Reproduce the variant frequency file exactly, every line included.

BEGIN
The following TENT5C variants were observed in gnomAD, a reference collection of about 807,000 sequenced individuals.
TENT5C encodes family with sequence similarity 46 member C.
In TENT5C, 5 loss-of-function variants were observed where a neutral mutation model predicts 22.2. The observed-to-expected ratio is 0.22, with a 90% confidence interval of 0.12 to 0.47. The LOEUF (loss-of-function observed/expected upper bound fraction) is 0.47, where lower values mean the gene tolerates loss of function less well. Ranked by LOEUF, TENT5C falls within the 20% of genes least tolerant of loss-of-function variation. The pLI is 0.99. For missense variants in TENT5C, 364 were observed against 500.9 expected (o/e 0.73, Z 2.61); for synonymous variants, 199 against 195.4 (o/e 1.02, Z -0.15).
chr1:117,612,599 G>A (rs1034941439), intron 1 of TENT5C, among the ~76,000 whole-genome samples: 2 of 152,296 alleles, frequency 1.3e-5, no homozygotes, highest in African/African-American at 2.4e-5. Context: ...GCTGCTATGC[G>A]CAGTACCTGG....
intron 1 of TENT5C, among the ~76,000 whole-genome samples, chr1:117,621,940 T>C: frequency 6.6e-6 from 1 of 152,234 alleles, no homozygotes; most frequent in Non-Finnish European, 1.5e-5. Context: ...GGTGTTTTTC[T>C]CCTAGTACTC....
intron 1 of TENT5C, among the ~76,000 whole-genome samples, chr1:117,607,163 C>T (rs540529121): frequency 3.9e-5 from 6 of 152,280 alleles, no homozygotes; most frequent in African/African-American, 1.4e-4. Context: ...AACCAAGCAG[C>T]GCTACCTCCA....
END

The following TENT5C variants were observed in gnomAD, a reference collection of about 807,000 sequenced individuals.
TENT5C encodes family with sequence similarity 46 member C.
In TENT5C, 5 loss-of-function variants were observed where a neutral mutation model predicts 22.2. The observed-to-expected ratio is 0.22, with a 90% confidence interval of 0.12 to 0.47. The LOEUF (loss-of-function observed/expected upper bound fraction) is 0.47, where lower values mean the gene tolerates loss of function less well. Ranked by LOEUF, TENT5C falls within the 20% of genes least tolerant of loss-of-function variation. The pLI is 0.99. For missense variants in TENT5C, 364 were observed against 500.9 expected (o/e 0.73, Z 2.61); for synonymous variants, 199 against 195.4 (o/e 1.02, Z -0.15).
chr1:117,612,599 G>A (rs1034941439), intron 1 of TENT5C, among the ~76,000 whole-genome samples: 2 of 152,296 alleles, frequency 1.3e-5, no homozygotes, highest in African/African-American at 2.4e-5. Context: ...GCTGCTATGC[G>A]CAGTACCTGG....
intron 1 of TENT5C, among the ~76,000 whole-genome samples, chr1:117,621,940 T>C: frequency 6.6e-6 from 1 of 152,234 alleles, no homozygotes; most frequent in Non-Finnish European, 1.5e-5. Context: ...GGTGTTTTTC[T>C]CCTAGTACTC....
intron 1 of TENT5C, among the ~76,000 whole-genome samples, chr1:117,607,163 C>T (rs540529121): frequency 3.9e-5 from 6 of 152,280 alleles, no homozygotes; most frequent in African/African-American, 1.4e-4. Context: ...AACCAAGCAG[C>T]GCTACCTCCA....